Where do you go when you need an exotic ingredient? Here’s an inside look at where top chefs get their goods and where you can too.
At Norman Rose Tavern in Napa Valley, chef/owner Michael Gyetvan’s secret weapon is WHOLE SPICE (wholespice.com) of Petaluma, California. The company will grind spices fresh to order and create custom blends, like the one he requested to make french fries taste just like barbecue potato chips.
At South Beach’s Red the Steakhouse, executive chef Peter Vauthy prefers online venues such as EARTHY DELIGHTS (earthy.com) for morels, exotic oils, dried fruits, and caviar. He also heads to AMAZON.COM to buy high-quality imported pasta brands like Rustichella D’abruzzo.
Executive chef Matt Lightner of Castagna Restaurant in Portland, Oregon, likes to take matters into his own hands by going straight to the source: He heads for nearby forests and valleys to forage for wild greens and herbs such as wood sorrel, oxalis, and wild cress.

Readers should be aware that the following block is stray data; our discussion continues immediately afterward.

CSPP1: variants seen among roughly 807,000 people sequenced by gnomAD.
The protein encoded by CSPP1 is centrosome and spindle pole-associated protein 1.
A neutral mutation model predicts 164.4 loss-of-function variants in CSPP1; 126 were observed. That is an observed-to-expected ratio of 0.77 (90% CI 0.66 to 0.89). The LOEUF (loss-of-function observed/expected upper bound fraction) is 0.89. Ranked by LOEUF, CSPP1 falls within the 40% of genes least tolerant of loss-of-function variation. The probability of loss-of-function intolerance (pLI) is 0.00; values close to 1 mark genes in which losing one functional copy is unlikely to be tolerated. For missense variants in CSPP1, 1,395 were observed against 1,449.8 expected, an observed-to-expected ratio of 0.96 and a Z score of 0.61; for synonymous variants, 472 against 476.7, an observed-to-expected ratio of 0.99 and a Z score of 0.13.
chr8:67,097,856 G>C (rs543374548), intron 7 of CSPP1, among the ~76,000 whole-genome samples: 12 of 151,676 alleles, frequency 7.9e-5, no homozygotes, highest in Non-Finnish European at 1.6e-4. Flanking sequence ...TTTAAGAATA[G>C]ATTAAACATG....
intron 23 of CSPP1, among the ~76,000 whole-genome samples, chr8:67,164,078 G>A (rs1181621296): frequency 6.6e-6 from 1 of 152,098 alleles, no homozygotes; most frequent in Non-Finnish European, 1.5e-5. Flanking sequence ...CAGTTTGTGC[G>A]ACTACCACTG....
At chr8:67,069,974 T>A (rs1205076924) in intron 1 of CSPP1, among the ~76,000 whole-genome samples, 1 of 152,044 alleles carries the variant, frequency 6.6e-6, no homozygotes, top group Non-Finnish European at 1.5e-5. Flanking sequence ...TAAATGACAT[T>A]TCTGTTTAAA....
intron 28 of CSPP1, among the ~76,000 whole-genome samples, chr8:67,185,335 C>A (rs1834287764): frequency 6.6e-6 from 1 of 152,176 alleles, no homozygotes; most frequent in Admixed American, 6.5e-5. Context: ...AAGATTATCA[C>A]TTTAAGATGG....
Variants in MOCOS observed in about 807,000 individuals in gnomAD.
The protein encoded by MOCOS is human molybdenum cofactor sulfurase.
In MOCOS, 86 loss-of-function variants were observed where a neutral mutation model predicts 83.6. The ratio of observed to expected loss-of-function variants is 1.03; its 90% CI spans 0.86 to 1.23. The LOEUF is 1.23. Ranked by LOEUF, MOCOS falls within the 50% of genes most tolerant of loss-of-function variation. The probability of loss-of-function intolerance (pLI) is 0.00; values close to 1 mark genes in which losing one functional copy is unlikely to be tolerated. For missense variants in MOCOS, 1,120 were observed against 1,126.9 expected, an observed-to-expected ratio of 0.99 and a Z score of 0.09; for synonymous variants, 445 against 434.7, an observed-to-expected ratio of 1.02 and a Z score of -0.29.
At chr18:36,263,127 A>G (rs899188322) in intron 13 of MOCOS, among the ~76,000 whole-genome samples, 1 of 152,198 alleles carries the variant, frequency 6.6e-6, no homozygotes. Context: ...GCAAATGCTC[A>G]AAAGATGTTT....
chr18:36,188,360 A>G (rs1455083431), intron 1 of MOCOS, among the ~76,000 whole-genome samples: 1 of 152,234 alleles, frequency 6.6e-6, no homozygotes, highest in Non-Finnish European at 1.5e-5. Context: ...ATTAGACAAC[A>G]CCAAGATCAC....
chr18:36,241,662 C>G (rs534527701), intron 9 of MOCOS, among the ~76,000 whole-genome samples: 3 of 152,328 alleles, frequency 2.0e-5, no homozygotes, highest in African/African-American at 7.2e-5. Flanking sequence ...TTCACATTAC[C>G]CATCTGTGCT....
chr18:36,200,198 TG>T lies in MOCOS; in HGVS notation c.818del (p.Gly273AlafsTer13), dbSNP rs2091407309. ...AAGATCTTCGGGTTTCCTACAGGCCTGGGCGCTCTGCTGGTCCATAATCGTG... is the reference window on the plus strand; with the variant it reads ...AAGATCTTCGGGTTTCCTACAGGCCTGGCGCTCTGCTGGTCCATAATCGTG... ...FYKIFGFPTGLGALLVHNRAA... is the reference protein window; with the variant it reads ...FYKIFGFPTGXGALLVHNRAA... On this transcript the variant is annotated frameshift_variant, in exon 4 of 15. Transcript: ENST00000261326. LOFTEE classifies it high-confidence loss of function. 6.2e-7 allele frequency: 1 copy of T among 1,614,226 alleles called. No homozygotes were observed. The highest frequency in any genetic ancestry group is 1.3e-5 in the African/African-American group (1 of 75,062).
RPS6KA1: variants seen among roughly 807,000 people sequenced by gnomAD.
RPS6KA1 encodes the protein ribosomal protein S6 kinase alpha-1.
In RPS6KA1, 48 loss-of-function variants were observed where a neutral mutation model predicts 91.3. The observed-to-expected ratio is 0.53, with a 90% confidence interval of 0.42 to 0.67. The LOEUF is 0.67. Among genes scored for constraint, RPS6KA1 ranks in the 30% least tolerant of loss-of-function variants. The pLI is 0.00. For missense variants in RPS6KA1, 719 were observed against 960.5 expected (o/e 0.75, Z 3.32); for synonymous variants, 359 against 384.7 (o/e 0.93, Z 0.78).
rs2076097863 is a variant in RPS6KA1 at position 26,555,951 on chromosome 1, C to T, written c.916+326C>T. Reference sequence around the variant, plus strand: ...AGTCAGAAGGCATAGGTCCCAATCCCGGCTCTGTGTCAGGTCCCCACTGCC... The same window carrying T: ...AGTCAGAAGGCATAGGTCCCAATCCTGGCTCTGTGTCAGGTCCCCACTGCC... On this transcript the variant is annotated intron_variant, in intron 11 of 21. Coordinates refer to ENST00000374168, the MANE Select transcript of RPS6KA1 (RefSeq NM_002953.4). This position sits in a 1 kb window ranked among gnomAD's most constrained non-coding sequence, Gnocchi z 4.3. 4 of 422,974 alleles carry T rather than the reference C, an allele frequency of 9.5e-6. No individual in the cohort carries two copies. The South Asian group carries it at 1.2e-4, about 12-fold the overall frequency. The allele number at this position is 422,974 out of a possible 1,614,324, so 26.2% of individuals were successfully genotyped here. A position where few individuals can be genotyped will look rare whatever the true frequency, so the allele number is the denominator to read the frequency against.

Chef Jill Houk, founder of Centered Chef Food Studios in Chicago, favors the housewares section of TJ MAXX for Kona coffee, specialty mustards, and other imported condiments. She advises that you watch expiration dates and check for dents and broken jar seals.
Executive chef Percy Whatley at The Ahwahnee in Yosemite National Park, California, loves the unusual foods he finds at specialty Asian and Latino supermarkets, from fruits and greens to meat, poultry, and fish. He also likes to sample different kinds of rice and noodles and especially likes experimenting with fun snack foods from other countries.